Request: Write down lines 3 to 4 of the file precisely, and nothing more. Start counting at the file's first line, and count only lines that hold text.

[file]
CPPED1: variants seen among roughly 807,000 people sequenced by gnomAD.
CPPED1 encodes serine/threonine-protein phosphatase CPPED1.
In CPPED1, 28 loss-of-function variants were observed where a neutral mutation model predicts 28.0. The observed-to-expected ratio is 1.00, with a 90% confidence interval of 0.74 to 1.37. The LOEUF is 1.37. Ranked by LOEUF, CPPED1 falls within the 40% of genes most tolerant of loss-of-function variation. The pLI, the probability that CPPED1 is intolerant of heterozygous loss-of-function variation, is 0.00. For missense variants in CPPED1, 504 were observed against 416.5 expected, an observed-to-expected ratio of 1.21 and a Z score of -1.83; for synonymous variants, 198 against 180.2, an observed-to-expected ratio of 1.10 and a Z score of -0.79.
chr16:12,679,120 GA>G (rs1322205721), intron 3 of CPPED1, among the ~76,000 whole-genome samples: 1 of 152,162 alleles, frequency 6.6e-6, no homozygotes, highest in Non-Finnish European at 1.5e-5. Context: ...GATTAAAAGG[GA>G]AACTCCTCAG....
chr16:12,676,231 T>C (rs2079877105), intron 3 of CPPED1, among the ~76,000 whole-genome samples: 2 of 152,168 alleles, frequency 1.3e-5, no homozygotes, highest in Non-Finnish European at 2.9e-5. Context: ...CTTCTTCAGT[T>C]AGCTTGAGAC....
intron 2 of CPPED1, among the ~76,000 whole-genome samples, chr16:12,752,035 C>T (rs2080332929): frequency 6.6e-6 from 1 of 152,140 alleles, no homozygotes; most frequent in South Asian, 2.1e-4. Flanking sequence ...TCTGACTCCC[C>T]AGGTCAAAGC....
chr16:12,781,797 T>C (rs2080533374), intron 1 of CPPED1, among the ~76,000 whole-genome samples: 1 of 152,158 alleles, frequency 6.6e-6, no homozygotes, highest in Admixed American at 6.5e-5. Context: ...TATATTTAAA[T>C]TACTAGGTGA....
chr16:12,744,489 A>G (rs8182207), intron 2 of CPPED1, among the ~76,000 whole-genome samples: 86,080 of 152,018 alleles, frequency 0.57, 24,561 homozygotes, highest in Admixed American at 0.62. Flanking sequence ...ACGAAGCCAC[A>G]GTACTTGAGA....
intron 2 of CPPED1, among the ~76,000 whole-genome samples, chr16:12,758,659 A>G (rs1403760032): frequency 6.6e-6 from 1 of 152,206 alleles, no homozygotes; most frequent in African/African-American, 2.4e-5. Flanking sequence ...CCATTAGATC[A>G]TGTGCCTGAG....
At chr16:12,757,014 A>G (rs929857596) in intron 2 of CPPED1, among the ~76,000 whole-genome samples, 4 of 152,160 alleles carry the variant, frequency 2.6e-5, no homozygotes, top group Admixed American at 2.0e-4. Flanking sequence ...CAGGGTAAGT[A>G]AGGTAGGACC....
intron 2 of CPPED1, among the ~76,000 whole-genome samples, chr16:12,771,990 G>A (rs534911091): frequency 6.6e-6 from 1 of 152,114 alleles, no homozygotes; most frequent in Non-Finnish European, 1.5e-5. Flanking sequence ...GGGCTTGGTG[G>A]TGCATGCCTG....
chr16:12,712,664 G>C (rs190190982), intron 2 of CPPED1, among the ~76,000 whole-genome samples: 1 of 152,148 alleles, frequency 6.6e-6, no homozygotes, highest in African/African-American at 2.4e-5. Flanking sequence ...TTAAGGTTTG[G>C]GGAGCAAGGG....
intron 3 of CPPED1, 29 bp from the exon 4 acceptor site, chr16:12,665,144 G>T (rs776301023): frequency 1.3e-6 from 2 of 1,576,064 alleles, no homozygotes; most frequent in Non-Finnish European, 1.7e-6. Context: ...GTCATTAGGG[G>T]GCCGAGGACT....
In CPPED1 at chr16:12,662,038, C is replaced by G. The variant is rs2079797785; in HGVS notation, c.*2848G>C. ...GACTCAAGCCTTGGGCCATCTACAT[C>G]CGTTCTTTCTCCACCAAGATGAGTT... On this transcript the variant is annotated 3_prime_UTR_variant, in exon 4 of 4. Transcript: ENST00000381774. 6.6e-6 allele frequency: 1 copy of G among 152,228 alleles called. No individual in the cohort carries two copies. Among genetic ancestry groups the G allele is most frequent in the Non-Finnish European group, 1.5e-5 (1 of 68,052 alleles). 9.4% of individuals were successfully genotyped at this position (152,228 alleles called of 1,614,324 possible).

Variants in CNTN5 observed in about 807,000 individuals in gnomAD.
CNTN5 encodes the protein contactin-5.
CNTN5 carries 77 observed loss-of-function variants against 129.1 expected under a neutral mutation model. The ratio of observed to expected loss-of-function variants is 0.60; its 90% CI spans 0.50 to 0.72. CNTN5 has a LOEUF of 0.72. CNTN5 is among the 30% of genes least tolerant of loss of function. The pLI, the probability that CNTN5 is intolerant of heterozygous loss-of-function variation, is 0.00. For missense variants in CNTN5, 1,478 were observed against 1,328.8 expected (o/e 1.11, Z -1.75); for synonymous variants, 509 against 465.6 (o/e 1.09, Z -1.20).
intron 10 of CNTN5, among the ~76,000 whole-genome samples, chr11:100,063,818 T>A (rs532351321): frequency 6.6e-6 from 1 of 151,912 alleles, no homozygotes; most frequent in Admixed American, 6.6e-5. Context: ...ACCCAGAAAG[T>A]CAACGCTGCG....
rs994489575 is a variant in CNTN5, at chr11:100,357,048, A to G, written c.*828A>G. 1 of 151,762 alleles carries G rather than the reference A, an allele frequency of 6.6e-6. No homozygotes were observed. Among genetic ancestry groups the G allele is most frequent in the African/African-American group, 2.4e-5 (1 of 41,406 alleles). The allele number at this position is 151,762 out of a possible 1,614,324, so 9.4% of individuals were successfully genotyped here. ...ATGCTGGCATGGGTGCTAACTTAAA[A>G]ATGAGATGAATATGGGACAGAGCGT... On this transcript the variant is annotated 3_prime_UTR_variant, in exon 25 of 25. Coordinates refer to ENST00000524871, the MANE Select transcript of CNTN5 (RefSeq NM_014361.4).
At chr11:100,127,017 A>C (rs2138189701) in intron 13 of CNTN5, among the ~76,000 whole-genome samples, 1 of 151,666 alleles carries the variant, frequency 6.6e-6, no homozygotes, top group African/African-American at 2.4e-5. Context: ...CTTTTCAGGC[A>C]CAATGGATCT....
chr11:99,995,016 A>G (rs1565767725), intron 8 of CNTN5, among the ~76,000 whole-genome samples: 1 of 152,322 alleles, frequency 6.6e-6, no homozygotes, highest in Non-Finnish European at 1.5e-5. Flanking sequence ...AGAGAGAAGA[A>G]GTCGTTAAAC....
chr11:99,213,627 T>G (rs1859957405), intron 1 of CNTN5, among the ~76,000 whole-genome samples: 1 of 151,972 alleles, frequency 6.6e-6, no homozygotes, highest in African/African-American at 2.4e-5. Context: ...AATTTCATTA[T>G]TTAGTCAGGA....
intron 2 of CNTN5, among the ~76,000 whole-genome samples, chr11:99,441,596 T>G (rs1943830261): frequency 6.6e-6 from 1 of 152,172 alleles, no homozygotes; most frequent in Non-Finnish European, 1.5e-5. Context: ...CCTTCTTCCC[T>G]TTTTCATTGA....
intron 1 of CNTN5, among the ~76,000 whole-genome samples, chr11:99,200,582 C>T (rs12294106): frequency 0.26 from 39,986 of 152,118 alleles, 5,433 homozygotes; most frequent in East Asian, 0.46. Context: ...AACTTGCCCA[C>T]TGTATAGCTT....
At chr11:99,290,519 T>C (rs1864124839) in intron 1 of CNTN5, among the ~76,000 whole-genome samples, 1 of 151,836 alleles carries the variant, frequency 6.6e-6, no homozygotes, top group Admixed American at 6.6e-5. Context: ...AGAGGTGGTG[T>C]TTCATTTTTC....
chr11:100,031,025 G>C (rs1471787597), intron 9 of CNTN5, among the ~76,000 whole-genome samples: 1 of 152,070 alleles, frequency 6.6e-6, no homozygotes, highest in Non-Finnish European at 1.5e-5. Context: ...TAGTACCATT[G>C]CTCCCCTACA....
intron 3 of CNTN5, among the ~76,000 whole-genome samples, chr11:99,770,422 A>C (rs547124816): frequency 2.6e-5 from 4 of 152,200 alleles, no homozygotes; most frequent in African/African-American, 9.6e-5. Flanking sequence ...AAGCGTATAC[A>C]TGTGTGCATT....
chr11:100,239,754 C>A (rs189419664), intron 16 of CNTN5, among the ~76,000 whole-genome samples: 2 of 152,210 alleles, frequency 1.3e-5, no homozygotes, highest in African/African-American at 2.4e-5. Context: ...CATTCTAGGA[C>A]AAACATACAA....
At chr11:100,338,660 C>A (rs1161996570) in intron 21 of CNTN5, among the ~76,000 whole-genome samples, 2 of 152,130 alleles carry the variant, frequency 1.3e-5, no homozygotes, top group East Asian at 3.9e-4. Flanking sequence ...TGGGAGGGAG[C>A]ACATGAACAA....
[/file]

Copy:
In CPPED1, 28 loss-of-function variants were observed where a neutral mutation model predicts 28.0. The observed-to-expected ratio is 1.00, with a 90% confidence interval of 0.74 to 1.37. The LOEUF is 1.37. Ranked by LOEUF, CPPED1 falls within the 40% of genes most tolerant of loss-of-function variation. The pLI, the probability that CPPED1 is intolerant of heterozygous loss-of-function variation, is 0.00. For missense variants in CPPED1, 504 were observed against 416.5 expected, an observed-to-expected ratio of 1.21 and a Z score of -1.83; for synonymous variants, 198 against 180.2, an observed-to-expected ratio of 1.10 and a Z score of -0.79.
chr16:12,679,120 GA>G (rs1322205721), intron 3 of CPPED1, among the ~76,000 whole-genome samples: 1 of 152,162 alleles, frequency 6.6e-6, no homozygotes, highest in Non-Finnish European at 1.5e-5. Context: ...GATTAAAAGG[GA>G]AACTCCTCAG....